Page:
I write to find out what I really think. I can find out what I think by talking, my favorite indoor sport. But what I really think lies beneath the sheer exercise and animal spirits of a good conversation, which involves batting a conversational ball around until you’ve exhausted what brought you together and you part, or change the subject. In writing, you are your own partner, plus a partner to all the books that changed you and were your intimate friends in the inner conversation that accompanies your life. You surprise yourself. You say things you didn’t know you knew, or didn’t know you’d noticed, and you build on what you’ve written down, doing, undoing, erasing, moving around, a carpentry of the word with the capacity to surprise the carpenter. Did I build that?
Often I hate what I am working on as I work on it, but usually, if it’s put away for long enough, I like reading it, almost as if I am reading somebody else’s writing. I think hey, that’s not bad, look what she’s doing here. Occasionally, I have no idea what I was getting at, which is also interesting. Writing allows me to explore a preoccupation, then step away from it, as if the writing embodies the preoccupation, which frees me, to move on to other things. I love life more because of writing, since the act asks you to notice what you love, and what you care enough to write about, and being susceptible to the written word or I wouldn’t be a writer, I believe what I’ve put on the page.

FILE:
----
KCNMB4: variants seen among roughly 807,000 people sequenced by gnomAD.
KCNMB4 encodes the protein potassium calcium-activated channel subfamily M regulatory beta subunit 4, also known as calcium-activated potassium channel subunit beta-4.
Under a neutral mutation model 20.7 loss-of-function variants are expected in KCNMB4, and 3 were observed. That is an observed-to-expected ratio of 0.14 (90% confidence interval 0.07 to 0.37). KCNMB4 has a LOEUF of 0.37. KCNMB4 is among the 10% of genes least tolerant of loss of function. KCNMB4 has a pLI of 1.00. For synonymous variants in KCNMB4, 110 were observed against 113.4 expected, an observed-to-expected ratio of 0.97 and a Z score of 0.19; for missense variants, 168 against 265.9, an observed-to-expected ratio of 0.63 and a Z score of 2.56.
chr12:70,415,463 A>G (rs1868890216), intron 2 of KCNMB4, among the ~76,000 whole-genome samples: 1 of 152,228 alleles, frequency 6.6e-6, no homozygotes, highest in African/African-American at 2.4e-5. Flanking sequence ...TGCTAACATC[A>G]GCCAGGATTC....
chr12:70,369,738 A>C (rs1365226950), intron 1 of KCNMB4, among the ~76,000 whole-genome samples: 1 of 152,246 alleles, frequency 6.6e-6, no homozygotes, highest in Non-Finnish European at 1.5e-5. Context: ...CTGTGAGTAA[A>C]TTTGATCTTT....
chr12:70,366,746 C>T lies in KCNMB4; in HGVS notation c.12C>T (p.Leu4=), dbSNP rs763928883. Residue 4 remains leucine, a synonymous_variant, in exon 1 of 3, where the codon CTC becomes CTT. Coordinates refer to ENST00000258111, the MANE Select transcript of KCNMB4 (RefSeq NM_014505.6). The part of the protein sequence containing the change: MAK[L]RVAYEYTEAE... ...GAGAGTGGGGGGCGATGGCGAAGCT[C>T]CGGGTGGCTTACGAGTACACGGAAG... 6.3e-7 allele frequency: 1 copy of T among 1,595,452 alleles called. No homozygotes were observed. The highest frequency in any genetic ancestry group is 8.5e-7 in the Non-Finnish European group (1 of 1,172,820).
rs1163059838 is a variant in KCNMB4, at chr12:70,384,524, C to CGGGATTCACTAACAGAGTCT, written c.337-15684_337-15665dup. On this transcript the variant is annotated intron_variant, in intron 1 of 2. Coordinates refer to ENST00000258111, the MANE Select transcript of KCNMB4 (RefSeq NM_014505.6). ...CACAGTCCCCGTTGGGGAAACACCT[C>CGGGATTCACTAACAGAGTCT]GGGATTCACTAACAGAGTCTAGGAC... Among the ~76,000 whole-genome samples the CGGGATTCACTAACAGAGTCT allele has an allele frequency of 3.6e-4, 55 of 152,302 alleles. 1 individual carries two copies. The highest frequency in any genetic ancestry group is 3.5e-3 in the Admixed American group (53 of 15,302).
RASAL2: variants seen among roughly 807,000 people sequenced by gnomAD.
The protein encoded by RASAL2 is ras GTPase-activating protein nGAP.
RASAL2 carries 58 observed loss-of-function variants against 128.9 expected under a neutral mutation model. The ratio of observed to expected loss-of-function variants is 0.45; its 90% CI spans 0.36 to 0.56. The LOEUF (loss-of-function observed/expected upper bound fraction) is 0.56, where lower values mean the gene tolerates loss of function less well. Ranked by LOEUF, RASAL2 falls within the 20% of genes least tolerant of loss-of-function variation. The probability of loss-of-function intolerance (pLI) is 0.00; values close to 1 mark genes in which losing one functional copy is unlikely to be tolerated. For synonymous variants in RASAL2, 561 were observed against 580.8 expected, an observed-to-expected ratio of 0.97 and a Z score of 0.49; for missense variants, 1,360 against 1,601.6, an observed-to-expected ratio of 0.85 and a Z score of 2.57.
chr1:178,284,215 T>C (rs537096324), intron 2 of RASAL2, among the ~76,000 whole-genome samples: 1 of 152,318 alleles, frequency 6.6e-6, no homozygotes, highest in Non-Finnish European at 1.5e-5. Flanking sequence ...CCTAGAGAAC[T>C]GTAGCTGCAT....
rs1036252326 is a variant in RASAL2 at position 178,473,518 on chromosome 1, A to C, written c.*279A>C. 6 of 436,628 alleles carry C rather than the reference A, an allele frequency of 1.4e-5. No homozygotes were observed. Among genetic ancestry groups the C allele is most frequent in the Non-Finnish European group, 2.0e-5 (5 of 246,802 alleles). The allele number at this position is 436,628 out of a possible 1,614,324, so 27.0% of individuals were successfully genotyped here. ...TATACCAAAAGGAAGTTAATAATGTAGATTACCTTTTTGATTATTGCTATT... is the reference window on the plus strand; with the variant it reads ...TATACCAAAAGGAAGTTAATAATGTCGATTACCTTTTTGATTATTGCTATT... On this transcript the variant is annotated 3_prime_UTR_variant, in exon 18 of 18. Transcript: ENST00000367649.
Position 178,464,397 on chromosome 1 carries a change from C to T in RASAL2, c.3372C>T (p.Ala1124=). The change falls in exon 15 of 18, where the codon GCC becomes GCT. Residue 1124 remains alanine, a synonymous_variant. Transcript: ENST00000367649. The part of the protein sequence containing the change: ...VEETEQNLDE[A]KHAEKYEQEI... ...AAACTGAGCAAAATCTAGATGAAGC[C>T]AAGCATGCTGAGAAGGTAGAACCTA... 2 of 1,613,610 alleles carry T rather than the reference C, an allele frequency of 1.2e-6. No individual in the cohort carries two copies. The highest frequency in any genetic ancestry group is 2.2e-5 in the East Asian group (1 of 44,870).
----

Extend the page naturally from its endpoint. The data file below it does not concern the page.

Myra Goldberg got her BA at the University of California-Berkeley and her MA at City University of New York. She is the author of Whistling and Rosalind: A Family Romance. Her stories have been published in The Transatlantic Review, Ploughshares, Feminist Studies, The Massachusetts Review, The New England Review, and in the book anthologies Women in Literature, Powers of Desire, The World’s Greatest Love Stories, and elsewhere in the United States and France. She is the recipient of Lebensberger Foundation grant and has been teaching at Sarah Lawrence since 1985.